GM warns Trump tariffs could lead to 'smaller GM'

June 30, 2018
GM, the biggest US automaker, said it employs about 110,000 people across 47 manufacturing facilities and 25 part facilities in the US and the company remains "committed to our home market"

General Motors warned Friday that it could be forced to cut jobs and raise prices on its cars if the President Donald Trump's confrontational approach on trade spirals into a trade war.

In comments expressing concern over Trump's proposed 25 percent tariffs on imported cars, GM was joined by numerous and auto parts industry representatives worried about the direct and spillover effects.

"Overly broad" tariffs could "lead to a smaller GM, a reduced presence at home and abroad for this iconic American company, and risk less—not more-—US jobs," the automaker said in written comments to the US Commerce Department.

GM, the biggest US automaker, said it employs about 110,000 people across 47 manufacturing facilities and 25 part facilities in the US and the company remains "committed to our home market."

But "broad brush trade barriers" could "promote a trade environment in which we could be retaliated against in other markets," which could force the company to raise prices or see lower profits, and that in turn would reduce investment and hiring.

The Commerce Department is soliciting public comment as part of a trade investigation launched in May on whether imports of auto and auto parts threaten US , which this administration defines broadly to include economic security as well.

The move was the latest in a series of aggressive trade actions, including Trump's decision to impose steep tariffs on steel and aluminum imports, and 25 percent punitive duties on tens of billions of dollars in Chinese products.

The Trump administration has said the confrontational posture is needed to address trade agreements that have harmed the US and cost jobs.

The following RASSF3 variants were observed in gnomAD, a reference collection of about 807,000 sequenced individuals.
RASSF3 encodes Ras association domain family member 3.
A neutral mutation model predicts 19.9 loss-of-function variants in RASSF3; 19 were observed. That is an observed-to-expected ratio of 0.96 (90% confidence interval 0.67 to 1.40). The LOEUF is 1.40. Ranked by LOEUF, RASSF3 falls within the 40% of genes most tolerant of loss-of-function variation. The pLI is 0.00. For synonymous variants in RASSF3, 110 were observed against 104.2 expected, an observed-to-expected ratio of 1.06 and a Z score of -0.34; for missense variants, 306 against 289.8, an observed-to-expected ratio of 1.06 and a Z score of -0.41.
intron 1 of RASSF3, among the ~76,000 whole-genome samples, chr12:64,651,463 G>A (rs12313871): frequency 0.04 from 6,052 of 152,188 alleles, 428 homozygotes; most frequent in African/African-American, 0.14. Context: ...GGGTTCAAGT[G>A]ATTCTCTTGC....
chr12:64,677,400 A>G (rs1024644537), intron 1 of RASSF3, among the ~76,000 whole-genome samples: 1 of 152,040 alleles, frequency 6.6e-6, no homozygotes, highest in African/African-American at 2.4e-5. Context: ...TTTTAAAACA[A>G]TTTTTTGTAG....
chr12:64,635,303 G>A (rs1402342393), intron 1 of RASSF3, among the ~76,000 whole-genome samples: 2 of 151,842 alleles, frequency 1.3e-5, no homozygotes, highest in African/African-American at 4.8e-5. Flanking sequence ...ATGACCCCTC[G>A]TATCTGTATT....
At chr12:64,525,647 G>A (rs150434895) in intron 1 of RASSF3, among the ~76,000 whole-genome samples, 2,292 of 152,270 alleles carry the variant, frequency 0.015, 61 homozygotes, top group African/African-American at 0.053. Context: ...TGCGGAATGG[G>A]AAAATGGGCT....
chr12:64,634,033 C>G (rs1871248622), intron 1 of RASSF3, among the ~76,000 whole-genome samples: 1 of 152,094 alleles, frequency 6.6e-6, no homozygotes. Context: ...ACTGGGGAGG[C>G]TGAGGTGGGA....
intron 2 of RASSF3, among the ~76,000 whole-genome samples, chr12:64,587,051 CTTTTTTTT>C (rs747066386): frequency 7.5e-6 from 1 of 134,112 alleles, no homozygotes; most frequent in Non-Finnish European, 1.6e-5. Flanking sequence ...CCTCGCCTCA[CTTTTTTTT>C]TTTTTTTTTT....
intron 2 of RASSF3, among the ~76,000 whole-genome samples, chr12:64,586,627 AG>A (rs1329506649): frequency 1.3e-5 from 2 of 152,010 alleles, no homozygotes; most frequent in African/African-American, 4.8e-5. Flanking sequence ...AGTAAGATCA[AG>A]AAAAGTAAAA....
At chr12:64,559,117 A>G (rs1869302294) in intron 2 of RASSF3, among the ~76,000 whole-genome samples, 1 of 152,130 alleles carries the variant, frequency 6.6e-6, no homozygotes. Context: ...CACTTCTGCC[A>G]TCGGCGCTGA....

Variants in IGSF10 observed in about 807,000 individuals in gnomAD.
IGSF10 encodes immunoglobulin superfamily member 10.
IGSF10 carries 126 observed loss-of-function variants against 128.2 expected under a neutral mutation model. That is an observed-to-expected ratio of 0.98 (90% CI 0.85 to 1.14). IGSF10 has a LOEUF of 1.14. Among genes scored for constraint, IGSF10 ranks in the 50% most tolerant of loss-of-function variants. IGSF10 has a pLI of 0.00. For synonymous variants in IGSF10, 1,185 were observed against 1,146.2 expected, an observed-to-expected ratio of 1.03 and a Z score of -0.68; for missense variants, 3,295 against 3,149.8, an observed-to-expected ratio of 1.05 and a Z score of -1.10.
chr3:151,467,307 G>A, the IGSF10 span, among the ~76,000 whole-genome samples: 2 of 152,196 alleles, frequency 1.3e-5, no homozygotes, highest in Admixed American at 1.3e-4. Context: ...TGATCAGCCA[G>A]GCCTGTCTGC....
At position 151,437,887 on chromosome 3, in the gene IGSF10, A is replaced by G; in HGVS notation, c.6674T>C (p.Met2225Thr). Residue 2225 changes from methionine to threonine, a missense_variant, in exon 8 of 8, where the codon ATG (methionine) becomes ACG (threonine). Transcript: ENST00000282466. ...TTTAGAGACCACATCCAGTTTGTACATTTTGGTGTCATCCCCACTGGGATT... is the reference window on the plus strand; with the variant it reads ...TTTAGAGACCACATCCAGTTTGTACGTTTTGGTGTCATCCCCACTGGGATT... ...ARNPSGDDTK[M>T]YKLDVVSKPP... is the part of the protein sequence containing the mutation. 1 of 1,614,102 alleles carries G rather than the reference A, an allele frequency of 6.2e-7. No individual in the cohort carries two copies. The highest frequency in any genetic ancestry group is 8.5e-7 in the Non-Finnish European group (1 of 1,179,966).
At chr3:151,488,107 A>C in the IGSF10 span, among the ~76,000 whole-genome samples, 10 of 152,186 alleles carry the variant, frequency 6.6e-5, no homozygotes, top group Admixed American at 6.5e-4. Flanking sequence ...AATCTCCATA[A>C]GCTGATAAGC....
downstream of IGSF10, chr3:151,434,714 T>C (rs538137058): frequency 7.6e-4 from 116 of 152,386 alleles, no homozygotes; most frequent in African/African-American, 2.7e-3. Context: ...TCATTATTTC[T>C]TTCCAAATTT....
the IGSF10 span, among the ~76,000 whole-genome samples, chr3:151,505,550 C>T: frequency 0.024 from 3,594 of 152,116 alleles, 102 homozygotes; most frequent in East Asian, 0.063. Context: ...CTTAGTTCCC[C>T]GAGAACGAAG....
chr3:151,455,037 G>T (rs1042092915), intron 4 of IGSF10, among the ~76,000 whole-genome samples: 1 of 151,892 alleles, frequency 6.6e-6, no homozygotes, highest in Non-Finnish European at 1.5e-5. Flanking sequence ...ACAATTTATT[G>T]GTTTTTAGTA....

Kansas Governor Jeff Colyer also objected to the tariffs, saying the auto industry brings $1 billion in tax revenue to his state, and pointing to a recent GM investment of $265 million in a Kansas plant to build a new Cadillac sport utility vehicle.

"While I understand the Administration's desire to achieve a level playing field when it comes to international , I remain concerned about the continued growth of the automobile industry," Colyer said.

The Japan Automobile Manufacturers Association, which emphasized that the US has imported fewer vehicles from from the country in the wake of nearly $50 billion in Japanese investment in US plants and research centers.

"Imported vehicles do not threaten the United States national security," JAMA said. "Rather the increase the options for users' diversified needs with regard to vehicle supply while creating new demand in the market."

The United Steelworkers union, however, was one of the few who backed the tariffs.

"The auto and auto parts sector will be critical to our nation's continued defense," the union said.

Explore further: US tariffs on car imports are a double-edged sword

Related Stories

US tariffs on car imports are a double-edged sword

June 11, 2018

US President Donald Trump's threat to tax imported cars in the name of national security risks weakening domestic manufacturers, but could accelerate the renegotiation of the North American Free Trade Agreement.

GM: Trump tariffs driving up costs

June 12, 2018

US President Donald Trump's harsh tariffs on steel and aluminum are increasing costs for US auto giant General Motors but the company is examining the fallout, GM's chief executive said Tuesday.

US tariffs threat a headache for foreign automakers

June 10, 2018

US President Donald Trump's renewed threat to impose tariffs on auto imports will hit foreign automakers that export a large number of vehicles to the US market, but many also manufacture cars domestically.

US, China near deal to save ZTE: report

May 22, 2018

The United States and China have a tentative deal to save embattled Chinese telecom company ZTE, days after the two nations announced a truce in their trade standoff, The Wall Street Journal reported Tuesday.

Recommended for you

EPA adviser is promoting harmful ideas, scientists say

March 22, 2019

The Trump administration's reliance on industry-funded environmental specialists is again coming under fire, this time by researchers who say that Louis Anthony "Tony" Cox Jr., who leads a key Environmental Protection Agency ...

Coffee-based colloids for direct solar absorption

March 22, 2019

Solar energy is one of the most promising resources to help reduce fossil fuel consumption and mitigate greenhouse gas emissions to power a sustainable future. Devices presently in use to convert solar energy into thermal ...

0 comments

Please sign in to add a comment. Registration is free, and takes less than a minute. Read more

Click here to reset your password.
Sign in to get notified via email when new comments are made.